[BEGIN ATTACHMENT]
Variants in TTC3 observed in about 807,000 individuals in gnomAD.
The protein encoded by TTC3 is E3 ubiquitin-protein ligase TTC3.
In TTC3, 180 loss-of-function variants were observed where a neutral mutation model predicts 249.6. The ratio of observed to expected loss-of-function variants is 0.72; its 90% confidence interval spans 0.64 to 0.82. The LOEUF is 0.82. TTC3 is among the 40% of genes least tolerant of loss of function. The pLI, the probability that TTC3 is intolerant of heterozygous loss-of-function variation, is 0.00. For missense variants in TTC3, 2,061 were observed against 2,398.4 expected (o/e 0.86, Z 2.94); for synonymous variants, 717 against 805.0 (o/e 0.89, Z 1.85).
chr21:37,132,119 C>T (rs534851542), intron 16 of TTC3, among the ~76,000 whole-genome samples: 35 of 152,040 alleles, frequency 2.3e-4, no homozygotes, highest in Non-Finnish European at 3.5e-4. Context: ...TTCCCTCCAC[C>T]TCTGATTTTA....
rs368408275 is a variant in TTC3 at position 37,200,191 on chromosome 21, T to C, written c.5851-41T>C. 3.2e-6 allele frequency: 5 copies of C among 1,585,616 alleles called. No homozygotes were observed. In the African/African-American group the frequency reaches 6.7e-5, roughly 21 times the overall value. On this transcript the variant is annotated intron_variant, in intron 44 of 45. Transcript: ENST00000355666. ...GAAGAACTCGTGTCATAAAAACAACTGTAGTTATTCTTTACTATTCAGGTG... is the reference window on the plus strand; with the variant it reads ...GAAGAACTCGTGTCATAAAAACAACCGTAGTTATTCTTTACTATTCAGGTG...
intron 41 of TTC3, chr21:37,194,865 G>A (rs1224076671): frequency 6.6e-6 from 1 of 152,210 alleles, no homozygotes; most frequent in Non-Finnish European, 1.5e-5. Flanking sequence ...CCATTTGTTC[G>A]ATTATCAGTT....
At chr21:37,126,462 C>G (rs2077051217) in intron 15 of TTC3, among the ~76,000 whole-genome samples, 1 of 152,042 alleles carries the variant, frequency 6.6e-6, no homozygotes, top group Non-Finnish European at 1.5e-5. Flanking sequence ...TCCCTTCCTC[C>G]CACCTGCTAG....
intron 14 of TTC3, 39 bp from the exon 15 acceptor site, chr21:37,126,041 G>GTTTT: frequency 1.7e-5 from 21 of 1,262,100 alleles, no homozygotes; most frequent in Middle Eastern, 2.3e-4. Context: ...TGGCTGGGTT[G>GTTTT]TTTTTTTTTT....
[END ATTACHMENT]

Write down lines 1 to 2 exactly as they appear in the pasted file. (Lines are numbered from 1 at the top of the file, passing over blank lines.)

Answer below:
Variants in TTC3 observed in about 807,000 individuals in gnomAD.
The protein encoded by TTC3 is E3 ubiquitin-protein ligase TTC3.